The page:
DEPARTMENT OF DEFENSE - CONGRESSIONALLY DIRECTED MEDICAL RESEARCH PROGRAMS

Thomas and Bettie Wallace

My journey began on the 30th of July, 2010, when I was diagnosed with prostate cancer. Initially, my prostate specific antigen (PSA) was elevated at 5.45. I went in for a repeat test a few months later and since my PSA was still elevated, I was referred to a urologist. The urologist told me that I had an enlarged prostate and that I needed a biopsy to determine if it was cancer. The urologist called to tell me the test results a few days later, which was the same day as my daughter’s vow renewal. When I got the news that my test results confirmed that I had prostate cancer, I was playing golf with my son and son-in-law, so for the next three and a half hours, I had to hold it together and finish the game without telling them the news. Needless to say, I shot a 90-something game that day and my family knew something was wrong since I normally shoot in the 70s!

After golf, my wife could tell that something was wrong. I told her I had cancer and she collapsed in my arms and wept profusely, but we both agreed we had to be strong and not spoil my daughter’s vow renewal. After the ceremony, I told my entire family the news.

The following Tuesday, my wife and I met with the urologist to discuss treatment options. We discussed surgery as an option, although I wasn’t comfortable with that option, so I went to see an oncologist for a second opinion. We discussed proton treatment, which I was a good candidate for. After talking with others who had proton therapy, my wife was also convinced that this was the best route for us. 

While I was going through proton therapy, I became interested in advocacy. A support group that I attended only had 5 or 6 African American members out of about 100 patients. Through some research, I found out that prostate cancer is a significant problem for the African American community and that health literacy, access to treatment, and socio-economic status all play a significant role in the increased risk for prostate cancer diagnosis and mortality in African Americans. I thought that I could make a great impact for the African American community by getting involved with prostate cancer advocacy efforts. To accomplish this, I started an advocacy organization in 2011 called “Power of Proton” through which I educate African American males about proton therapy as an option for prostate cancer treatment. More recently, I became a minority recruiter for a large clinical trial based at the University of Florida. The trial focuses on comparing different proton therapy options for prostate cancer patients and my role is primarily to engage the African American community both in Florida and on the national level to increase their recruitment to the study.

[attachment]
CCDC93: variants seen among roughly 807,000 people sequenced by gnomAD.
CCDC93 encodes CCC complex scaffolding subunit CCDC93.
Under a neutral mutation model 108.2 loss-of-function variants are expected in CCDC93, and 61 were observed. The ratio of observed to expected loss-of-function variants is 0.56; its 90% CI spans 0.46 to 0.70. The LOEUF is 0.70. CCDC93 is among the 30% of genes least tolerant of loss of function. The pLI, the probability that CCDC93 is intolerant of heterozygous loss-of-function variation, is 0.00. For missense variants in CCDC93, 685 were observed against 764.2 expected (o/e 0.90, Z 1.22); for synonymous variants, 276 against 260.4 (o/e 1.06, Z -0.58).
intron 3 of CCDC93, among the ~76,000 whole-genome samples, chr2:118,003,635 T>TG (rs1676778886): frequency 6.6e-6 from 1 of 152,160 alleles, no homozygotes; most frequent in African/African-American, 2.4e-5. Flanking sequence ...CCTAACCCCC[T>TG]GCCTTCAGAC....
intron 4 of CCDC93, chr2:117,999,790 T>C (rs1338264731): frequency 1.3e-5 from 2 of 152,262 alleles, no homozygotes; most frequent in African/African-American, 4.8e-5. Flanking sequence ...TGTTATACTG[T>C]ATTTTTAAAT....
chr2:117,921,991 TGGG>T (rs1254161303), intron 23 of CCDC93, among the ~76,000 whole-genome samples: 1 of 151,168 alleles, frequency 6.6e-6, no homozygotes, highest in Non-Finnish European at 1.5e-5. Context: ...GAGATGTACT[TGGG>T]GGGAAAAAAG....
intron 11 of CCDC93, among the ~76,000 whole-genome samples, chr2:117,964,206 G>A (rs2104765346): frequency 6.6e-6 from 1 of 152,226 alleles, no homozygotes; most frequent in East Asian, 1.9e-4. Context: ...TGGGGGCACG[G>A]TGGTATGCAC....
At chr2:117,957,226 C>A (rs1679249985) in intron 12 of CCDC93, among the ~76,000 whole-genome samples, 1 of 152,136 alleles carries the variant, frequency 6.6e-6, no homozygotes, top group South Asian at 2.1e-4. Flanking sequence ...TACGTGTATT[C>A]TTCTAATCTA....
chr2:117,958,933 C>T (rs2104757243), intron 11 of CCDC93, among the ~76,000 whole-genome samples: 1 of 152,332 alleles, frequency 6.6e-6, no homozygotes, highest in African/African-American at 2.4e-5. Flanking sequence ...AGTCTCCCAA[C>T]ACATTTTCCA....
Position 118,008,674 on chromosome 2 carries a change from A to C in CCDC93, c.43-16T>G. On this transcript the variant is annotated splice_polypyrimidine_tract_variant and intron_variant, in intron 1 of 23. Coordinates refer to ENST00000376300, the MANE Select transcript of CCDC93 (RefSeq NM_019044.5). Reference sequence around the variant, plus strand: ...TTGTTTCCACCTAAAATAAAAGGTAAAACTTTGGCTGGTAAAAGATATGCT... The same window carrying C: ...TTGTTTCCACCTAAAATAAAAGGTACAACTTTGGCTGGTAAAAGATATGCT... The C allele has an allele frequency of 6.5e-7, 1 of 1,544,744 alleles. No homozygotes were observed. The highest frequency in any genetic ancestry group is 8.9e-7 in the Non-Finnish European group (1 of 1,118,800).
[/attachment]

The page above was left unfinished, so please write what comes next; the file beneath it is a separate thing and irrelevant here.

While attending a prostate cancer health disparities conference in Florida in 2010, I was introduced to the Prostate Cancer Research Program (PCRP) at CDMRP. Ever since then, I have been serving as a PCRP peer reviewer. Other than the birth of my children and my marriage to my wife, serving as a reviewer has been the greatest experience one could ask for. The number one thing I bring to the review sessions is my personal experience with a prostate cancer diagnosis, receiving proton therapy, and now being cancer free for eight years. It’s been a great experience interacting with the scientific reviewers and learning so much about the research being done to eradicate this awful disease called prostate cancer. 

Last updated Monday, June 10, 2019